Who doesn't love a few great eduwins! Check out a couple of the latest from LC2:
We have been lucky enough to work with Margaret Thorsborne discussing restorative practice and exploring ways in which a relational approach can be taken to managing behaviour. This was reaffirming and a timely reminder of some of the strategies that can be used. The way we started the day was sharing how the start of the day was going for us. It was interesting to hear from people in the room how their mornings had been leading up to coming to school. It was a great reminder that we all lead busy lives and events both within our control and beyond our control can shape the day we have. Spurring on the question 'how are our learners coming to school?' We started the next day in LC2 with this question. What we found was 80% of our learners were coming to school tired which lead to a conversation around what this might look like as the day went on e.g at lunchtime. We continued to start our day this way, asking how has your day started? How do you feel? Taking this idea to another level, we married the idea of Twitter with this question. We developed a physical Twitter wall. We have 140 characters to write about how the start of the day is going. It has been great to see the kids coming in, sitting around a table together discussing their mornings with one another.
Owning your Learning
Being able to articulate what has been going well and what has been challenging is vital in the learning process. This has been one of the focus' in Learning Common 2. How can we ensure students are critically thinking about their learning and see this as a journey rather than a destination?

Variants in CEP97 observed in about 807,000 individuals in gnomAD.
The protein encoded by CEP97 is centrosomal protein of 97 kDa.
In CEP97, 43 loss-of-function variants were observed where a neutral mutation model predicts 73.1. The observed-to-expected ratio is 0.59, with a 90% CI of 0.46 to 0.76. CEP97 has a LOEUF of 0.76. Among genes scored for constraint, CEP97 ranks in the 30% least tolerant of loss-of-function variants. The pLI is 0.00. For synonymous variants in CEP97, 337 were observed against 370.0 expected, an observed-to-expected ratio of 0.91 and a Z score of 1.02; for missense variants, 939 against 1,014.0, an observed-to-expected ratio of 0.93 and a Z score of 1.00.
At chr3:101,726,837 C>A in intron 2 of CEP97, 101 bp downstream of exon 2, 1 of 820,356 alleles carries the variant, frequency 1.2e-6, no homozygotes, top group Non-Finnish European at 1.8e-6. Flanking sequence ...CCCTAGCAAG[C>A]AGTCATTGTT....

Our learners are pretty competent at planning their own day, sticking to those plans however is a different matter. With numerous discussions around the importance of prioritising what we need to do and negotiating what we want to do, it was also imperative for our learners to see what their learning behaviours looked like and the effects of the decisions that they make. We have been getting our students to plan in reflecting time three times a week. Here they discuss (in a range of ways including physically or digitally written and shared with adults, including parents) highlights and challenges they have faced and describe why they were a highlight or challenge. This has been a great way for students to be honest about their learning - we encouraged complete honesty. Some wrote about how they had not stuck to their plan which resulted in them missing out on a crucial workshop. Others reflected on distractions around the room and their need to identify them earlier and move themselves. Through these reflections we have interesting conversations around setting realistic goals and prioritising. It has been great seeing students take further ownership over their learning and make positive changes towards reaching their goals *insert goal fish pond*.
|Goal Fish Pond